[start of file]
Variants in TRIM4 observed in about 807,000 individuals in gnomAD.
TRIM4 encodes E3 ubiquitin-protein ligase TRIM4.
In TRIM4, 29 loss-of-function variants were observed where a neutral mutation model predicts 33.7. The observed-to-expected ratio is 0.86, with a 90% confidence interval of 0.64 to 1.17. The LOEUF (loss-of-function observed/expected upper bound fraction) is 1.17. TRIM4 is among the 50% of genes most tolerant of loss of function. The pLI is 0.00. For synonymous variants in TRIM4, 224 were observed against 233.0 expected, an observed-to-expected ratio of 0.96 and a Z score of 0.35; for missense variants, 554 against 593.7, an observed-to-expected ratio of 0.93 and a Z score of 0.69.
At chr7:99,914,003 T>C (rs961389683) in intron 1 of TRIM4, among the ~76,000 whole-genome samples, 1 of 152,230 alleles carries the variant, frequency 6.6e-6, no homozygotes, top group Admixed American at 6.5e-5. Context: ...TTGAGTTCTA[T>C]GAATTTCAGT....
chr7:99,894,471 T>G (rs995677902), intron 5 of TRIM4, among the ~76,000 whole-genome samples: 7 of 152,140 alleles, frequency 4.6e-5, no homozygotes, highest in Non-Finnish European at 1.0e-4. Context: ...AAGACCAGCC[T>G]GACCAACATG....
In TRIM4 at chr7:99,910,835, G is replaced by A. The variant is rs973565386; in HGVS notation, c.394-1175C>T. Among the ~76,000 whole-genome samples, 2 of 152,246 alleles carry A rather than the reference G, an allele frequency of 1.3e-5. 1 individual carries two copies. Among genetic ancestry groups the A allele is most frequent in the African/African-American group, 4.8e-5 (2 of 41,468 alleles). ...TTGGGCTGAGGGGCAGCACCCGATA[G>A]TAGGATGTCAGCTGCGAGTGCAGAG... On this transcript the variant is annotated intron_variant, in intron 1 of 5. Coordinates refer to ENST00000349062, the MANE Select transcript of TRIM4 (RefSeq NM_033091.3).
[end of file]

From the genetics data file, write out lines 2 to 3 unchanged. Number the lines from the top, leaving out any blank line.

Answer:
TRIM4 encodes E3 ubiquitin-protein ligase TRIM4.
In TRIM4, 29 loss-of-function variants were observed where a neutral mutation model predicts 33.7. The observed-to-expected ratio is 0.86, with a 90% confidence interval of 0.64 to 1.17. The LOEUF (loss-of-function observed/expected upper bound fraction) is 1.17. TRIM4 is among the 50% of genes most tolerant of loss of function. The pLI is 0.00. For synonymous variants in TRIM4, 224 were observed against 233.0 expected, an observed-to-expected ratio of 0.96 and a Z score of 0.35; for missense variants, 554 against 593.7, an observed-to-expected ratio of 0.93 and a Z score of 0.69.